Southwest Timeless to Hip Old West Collectibles At The Great Southwestern Antique Show

Posted by & filed under Show, Special Events.

Terry Schurmeier, owner of Cowboys and Indians Antiques in Albuquerque, announces that The Great Southwestern Antique Show, now in its 18th year, will be held on August 5, 6 and 7 at the Manuel Lujan Jr. Exhibit Complex, EXPO New Mexico State Fairgrounds, Albuquerque.

With 200 national dealers, this GSW event is one of the largest Southwest shows and sales of its kind and is your chance to find a unique piece of history that tells a story. There is a mystique and excitement that surrounds Southwestern history, a time that featured all sorts of fascinating characters—including pioneers, scouts, lawmen, outlaws, gangs and gunslingers, as well as the American cowboy, Native Americans and legendary pioneering women of the Frontier. The exciting part today is being able to buy a piece of that history!

Whatever the item you desire, it is sure to be found at The Great Southwestern Antique Show. Items range from furniture to small Early American arts, Native American artifacts, rugs and antique Indian jewelry to Fine Estate jewelry, vintage costume to Ethnographic Arts, as well as pottery, linens and decorative arts. With many spaces to browse, you will not be disappointed or walk away empty handed.

Dealers are friendly, knowledgeable and many have returned from a year of traveling in search of quality pieces. Finding those elusive pieces and learning about history through items that have survived are just some the things that make collecting antiques so much fun for hipsters, novice collectors and seasoned buyers.

With that special Southwestern cultural identity, Terry Schurmeier, a longtime NM resident, made a conscious decision to support the local arts and education community with an annual charity preview fundraiser. This year, she continues to support NM PBS as the charitable organization for which she established an endowment fund three years ago. The fund is managed by the Albuquerque Community Foundation.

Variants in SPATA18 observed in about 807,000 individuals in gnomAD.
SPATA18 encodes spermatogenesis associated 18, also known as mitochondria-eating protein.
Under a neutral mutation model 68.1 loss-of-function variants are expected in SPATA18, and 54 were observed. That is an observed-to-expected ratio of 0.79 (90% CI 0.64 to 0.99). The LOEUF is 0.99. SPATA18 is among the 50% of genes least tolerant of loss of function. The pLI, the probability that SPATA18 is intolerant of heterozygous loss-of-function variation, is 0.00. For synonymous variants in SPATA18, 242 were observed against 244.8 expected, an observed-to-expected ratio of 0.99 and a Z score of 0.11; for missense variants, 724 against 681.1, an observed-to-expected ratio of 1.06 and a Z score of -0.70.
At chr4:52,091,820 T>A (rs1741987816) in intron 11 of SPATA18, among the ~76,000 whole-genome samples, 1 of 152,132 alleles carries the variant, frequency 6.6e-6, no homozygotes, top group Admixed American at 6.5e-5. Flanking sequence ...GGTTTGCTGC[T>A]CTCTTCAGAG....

The Sneak Preview fundraiser will be held on Friday, August 5, from 2 p.m. to 7 p.m. Tickets are $100 and 100% of the proceeds go New Mexico PBS. This ticket allows access to all weekend events including shopping Saturday and Sunday and the Saturday night reception at the sponsoring gallery, Cowboys & Indians Antiques, featuring beverages, hors d’oeuvres and music.

Saturday hours are 9 a.m. to 5 p.m. and Sunday hours are 10 a.m. to 4 p.m. Admission is $12.00 each day or you can purchase a two-day pass for $20.00. Tickets can be purchased at the door or at

“Viva Mexico!” Special Exhibition

A Special Exhibition at this show is “Viva Mexico! Treasures from Rinconada.” It features a comprehensive display of vintage Hispanic American textiles, costumes, sombreros, saddles, riding accoutrements and historic objects that date from more than three different centuries. Included are elaborately decorated objects that can seldom be seen, even in museums. They represent the colorful culture of Mexico and have had a lasting impact on many traditions of the American Southwest. Featured prominently are objects from the Charro culture. The Charro style of dress has its roots in the horse culture, which developed during the Late Colonial Period in the northern Mexico territories.

Credited with developing the style are the Hacendados, the wealthy landowners, and their Mayodormos (ranch managers), well documented in early 19th century paintings and lithographs. The most common companion to the Charro is the China Poblana. It is popular belief that the China style evolved from a young Asian girl originally brought to Mexico as a slave. Known as Mirrah, she was a visionary dedicated to Christ and was so revered that, when she died, she was considered a saint. The festive costume of the China Poblana represents the spirit of Mexican woman.

After Mexican Independence from Spain in 1821, the style apparently became increasingly more popular among the Mexican people. The horse culture of Northern Mexico fostered what was to become the American cowboy. The Mexican equestrian competitions called Charraria or Charreada are at the obvious roots of the modern American rodeo. Also, included in the exhibition are costumes from other aspects of Mexican culture.

The “Viva Mexico” exhibition is sponsored by Mark and Linda Winter and the Rinconada Hispanic Textile Museum.

Additional information about The Great Southwestern Antique Show is available at You can also email, call 505-228-8115, follow the show on Facebook or check gswevents on Instagram. EXPO New Mexico is located at 300 San Pedro NE, and Cowboys and Indians Antiques is at 4000 Central Ave. SE. See ad on pg 13.

Leave a Reply